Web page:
Two holidays within days of each other that offer great foods to enjoy are  Valentine’s Day and Mardi Gras.

Valentine’s Day started as we know it is when the Romans chose to call their Lupercalia Festival such as their springtime celebration in the 5th century.

Along the way, it turned into an event about love and romance. Not too clear as to why? It may have been due to the mention of love in the Bible. In John 4:7-12 and his view of God and love. Or maybe it was due to chocolate’s correlation to being an aphrodisiac and known to inflame desires.

Valentine’s Day is celebrated around the world. Certainly, in the United States, Mexico, UK and Australia. Last year in the United States alone including the seven-day leading up to the day 5.8 million pounds of candy was sold with a 27.4 billion price tag. Of course, the day after Valentine’s Day you can find a 75% to 90% reduction of the price for the same candy.

Mardi Gras has a long, honorable and fascinating history dating back to 1699 in America, and to ancient times when spring festivals were held to ensure the fertility of animals and crops. These old festivals live on in Europe and go by many names, in France, it was called Mardi Gras. Around 1718, Frenchman Jean Baptiste le Moyne came to the New World and founded a town along a river and named it Nouvelle Orleans or New Orleans as it is known today.

The period proceeding is also called Carnival, starting on January 6th, to the Twelfth Night. Each week until Mardi Gras more activities are added until it reaches a frenzy on the last day. There are many customs for the day before Ash Wednesday known as Shrove Tuesday. I am only touching on Mardi Gras

In many ways, Carnival and Mardi Gras remind me of days of Mummer's Parades and events. There are lavished costumes, masks, music and a good time to be had by all. In New Orleans, there are approximately 70 parades scheduled. Some parades have up to 60 different marching bands plus each night several balls are attended by thousands. The number of days between Jan. 6 and Ash Wednesday changes each year depending on when Lent begins. This year, it is Feb. 16.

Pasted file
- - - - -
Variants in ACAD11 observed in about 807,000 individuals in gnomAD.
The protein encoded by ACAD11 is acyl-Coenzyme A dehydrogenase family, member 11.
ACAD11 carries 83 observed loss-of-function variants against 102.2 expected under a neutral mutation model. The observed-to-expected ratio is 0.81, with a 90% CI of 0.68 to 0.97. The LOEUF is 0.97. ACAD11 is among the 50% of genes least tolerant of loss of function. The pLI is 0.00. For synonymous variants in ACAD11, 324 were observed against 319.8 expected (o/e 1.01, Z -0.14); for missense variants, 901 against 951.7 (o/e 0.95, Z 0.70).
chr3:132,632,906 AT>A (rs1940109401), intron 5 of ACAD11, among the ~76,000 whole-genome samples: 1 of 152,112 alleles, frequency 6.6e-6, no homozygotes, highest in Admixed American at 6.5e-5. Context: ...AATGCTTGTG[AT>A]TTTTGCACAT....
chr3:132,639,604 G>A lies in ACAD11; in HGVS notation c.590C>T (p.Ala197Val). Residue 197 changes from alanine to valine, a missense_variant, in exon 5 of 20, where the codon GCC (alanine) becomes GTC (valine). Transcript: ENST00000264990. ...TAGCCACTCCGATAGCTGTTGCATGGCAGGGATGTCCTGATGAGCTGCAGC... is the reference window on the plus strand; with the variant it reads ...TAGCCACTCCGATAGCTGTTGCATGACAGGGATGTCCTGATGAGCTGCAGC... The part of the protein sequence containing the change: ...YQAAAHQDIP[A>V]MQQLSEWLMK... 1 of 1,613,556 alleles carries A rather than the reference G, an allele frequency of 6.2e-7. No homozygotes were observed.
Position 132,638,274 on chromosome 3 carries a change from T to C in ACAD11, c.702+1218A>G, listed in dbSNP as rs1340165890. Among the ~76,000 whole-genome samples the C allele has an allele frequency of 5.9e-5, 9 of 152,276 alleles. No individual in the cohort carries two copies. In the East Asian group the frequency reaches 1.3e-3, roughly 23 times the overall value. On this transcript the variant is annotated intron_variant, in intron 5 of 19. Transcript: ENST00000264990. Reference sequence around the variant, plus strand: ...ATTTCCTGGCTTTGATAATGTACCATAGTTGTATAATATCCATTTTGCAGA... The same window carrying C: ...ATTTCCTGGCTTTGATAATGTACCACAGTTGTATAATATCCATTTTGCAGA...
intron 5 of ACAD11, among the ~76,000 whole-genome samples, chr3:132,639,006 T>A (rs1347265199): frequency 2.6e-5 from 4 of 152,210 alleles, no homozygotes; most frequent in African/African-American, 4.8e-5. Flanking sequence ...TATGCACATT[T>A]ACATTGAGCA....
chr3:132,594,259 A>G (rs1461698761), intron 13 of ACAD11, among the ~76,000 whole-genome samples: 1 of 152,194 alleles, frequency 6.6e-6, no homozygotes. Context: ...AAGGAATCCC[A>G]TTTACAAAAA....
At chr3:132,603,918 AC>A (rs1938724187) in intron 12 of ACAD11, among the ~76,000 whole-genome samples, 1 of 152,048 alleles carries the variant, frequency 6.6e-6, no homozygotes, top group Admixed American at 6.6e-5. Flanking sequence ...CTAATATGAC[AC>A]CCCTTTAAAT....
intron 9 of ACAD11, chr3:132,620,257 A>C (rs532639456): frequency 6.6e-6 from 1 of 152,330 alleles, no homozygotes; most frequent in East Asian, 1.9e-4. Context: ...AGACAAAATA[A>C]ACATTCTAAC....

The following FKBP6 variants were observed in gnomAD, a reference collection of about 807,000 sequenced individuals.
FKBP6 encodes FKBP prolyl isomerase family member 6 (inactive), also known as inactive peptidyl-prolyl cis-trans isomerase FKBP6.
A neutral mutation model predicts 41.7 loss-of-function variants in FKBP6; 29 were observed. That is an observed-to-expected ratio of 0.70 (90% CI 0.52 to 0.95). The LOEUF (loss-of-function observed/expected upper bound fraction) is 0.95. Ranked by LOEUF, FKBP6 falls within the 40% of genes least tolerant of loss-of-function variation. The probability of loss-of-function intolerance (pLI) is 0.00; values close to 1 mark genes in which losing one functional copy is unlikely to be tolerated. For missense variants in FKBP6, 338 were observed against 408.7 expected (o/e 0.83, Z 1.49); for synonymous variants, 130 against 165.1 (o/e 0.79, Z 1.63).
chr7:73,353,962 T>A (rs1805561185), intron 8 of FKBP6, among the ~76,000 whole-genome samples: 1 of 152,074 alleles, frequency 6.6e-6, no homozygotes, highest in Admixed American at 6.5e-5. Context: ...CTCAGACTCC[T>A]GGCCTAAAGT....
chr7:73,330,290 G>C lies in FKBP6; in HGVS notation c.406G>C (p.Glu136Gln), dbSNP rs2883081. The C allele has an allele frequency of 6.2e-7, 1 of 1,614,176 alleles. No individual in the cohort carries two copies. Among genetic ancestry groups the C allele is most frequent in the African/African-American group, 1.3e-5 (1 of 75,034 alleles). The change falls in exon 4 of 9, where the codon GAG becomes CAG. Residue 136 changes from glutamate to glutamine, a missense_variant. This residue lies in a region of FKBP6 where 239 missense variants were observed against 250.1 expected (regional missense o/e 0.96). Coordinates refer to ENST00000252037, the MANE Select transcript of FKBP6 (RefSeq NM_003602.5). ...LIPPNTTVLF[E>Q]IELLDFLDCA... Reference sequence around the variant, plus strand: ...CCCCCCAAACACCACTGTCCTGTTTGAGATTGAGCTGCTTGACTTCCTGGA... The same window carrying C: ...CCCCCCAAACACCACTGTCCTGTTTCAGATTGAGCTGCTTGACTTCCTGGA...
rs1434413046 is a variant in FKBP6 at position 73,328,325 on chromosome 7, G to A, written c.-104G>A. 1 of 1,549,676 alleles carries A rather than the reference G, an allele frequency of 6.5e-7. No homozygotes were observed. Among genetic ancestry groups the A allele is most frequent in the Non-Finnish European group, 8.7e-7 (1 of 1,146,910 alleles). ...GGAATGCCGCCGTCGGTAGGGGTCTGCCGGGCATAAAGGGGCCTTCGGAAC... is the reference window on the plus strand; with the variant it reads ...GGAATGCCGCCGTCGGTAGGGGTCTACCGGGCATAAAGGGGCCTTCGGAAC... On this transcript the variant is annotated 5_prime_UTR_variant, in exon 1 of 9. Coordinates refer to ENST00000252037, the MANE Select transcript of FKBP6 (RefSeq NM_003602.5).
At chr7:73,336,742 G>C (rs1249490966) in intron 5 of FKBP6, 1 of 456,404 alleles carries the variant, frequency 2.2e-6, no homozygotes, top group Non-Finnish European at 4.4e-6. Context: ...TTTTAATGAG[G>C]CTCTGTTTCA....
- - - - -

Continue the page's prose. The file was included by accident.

Due to the COVID-19 pandemic, many of the events have been canceled this year. But I am sure there are some diehards out there who will party! Mardi Gras is not meant to be serious — the purpose is to have fun and act silly.

The largest celebration west of the Mississippi River is held in San Luis Obispo, California. Around 1864 French explorers introduced Mardi Gras to Quebec City in Canada.

With all the parties and merrymaking, food plays an important role in the festivities. Years back, Christians did not eat meat, cheese, eggs or butter during Lent. Or those fasting ate no food or only small amounts. Today many Christians still fast, mostly giving up goodies as well as no television or movies, etc.

Jambalaya at Mardi Gras is like having turkey at Thanksgiving, ham at Easter or chicken for Sunday Dinner. Mix up a batch of Jambalaya and have you own Mardi Gras Celebration. Great to make year around. Check out your local library or online for more recipes.


2 tablespoons butter or margarine

1 tablespoon flour

½ pound cooked ham, coarsely diced

1 large green pepper, diced

1 pound cooked shrimp

1 pound cooked chicken, diced

2 1/2 cups crushed canned tomatoes

2 cups water

2 tablespoons Worcestershire sauce

1 large onion, chopped

1 garlic clove, sliced

1 tablespoon minced fresh parsley

salt & pepper to taste

1 bay leaf*

1/4 teaspoon thyme

3/4 cup uncooked rice

hot sauce to taste

In preheated skillet melt butter, stir in flour, add green pepper and ham. Sauté, stirring for 5 minutes. Add cooked shrimp, chicken, tomatoes, water, onion, garlic, seasonings and optional hot sauce. Bring to a boiling point. Add rice, reduce heat and simmer for 30 minutes or until rice is tender and has absorbed most of moisture. You may prepare in skillet and then baked in casserole dish in preheated 325-degree oven 30 to 40 minutes or simmer in stock pot. Serves 6.

*Remove bay leaf before serving.

TIP: As we are in the middle of social distancing – no parties – just good eating.


Contact columnist Bette Banjack at Search YouTube – with BetteBanjack as well as (search bar Banjack). She can also be found on Facebook.

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